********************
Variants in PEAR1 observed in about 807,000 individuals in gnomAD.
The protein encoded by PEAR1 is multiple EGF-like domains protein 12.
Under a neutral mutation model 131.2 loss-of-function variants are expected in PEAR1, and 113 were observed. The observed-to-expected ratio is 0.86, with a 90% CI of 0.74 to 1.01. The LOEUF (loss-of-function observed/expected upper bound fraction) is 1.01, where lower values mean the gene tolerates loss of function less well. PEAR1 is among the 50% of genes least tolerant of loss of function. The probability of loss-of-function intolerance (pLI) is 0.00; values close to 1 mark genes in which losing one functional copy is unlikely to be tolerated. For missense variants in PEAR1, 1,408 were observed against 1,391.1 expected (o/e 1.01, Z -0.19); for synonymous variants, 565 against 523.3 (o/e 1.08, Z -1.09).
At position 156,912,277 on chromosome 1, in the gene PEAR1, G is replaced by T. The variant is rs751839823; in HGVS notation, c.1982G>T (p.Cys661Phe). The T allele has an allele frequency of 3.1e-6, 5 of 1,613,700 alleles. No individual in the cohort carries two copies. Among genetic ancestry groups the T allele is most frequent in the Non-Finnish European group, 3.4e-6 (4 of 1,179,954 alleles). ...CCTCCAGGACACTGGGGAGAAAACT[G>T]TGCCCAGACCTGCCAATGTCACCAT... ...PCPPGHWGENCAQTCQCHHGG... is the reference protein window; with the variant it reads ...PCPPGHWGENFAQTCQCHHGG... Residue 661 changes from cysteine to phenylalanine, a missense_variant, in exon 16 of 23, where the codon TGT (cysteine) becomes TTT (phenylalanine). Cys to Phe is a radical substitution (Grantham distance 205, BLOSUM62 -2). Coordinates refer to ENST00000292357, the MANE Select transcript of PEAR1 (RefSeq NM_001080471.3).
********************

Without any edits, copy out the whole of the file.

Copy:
Variants in PEAR1 observed in about 807,000 individuals in gnomAD.
The protein encoded by PEAR1 is multiple EGF-like domains protein 12.
Under a neutral mutation model 131.2 loss-of-function variants are expected in PEAR1, and 113 were observed. The observed-to-expected ratio is 0.86, with a 90% CI of 0.74 to 1.01. The LOEUF (loss-of-function observed/expected upper bound fraction) is 1.01, where lower values mean the gene tolerates loss of function less well. PEAR1 is among the 50% of genes least tolerant of loss of function. The probability of loss-of-function intolerance (pLI) is 0.00; values close to 1 mark genes in which losing one functional copy is unlikely to be tolerated. For missense variants in PEAR1, 1,408 were observed against 1,391.1 expected (o/e 1.01, Z -0.19); for synonymous variants, 565 against 523.3 (o/e 1.08, Z -1.09).
At position 156,912,277 on chromosome 1, in the gene PEAR1, G is replaced by T. The variant is rs751839823; in HGVS notation, c.1982G>T (p.Cys661Phe). The T allele has an allele frequency of 3.1e-6, 5 of 1,613,700 alleles. No individual in the cohort carries two copies. Among genetic ancestry groups the T allele is most frequent in the Non-Finnish European group, 3.4e-6 (4 of 1,179,954 alleles). ...CCTCCAGGACACTGGGGAGAAAACT[G>T]TGCCCAGACCTGCCAATGTCACCAT... ...PCPPGHWGENCAQTCQCHHGG... is the reference protein window; with the variant it reads ...PCPPGHWGENFAQTCQCHHGG... Residue 661 changes from cysteine to phenylalanine, a missense_variant, in exon 16 of 23, where the codon TGT (cysteine) becomes TTT (phenylalanine). Cys to Phe is a radical substitution (Grantham distance 205, BLOSUM62 -2). Coordinates refer to ENST00000292357, the MANE Select transcript of PEAR1 (RefSeq NM_001080471.3).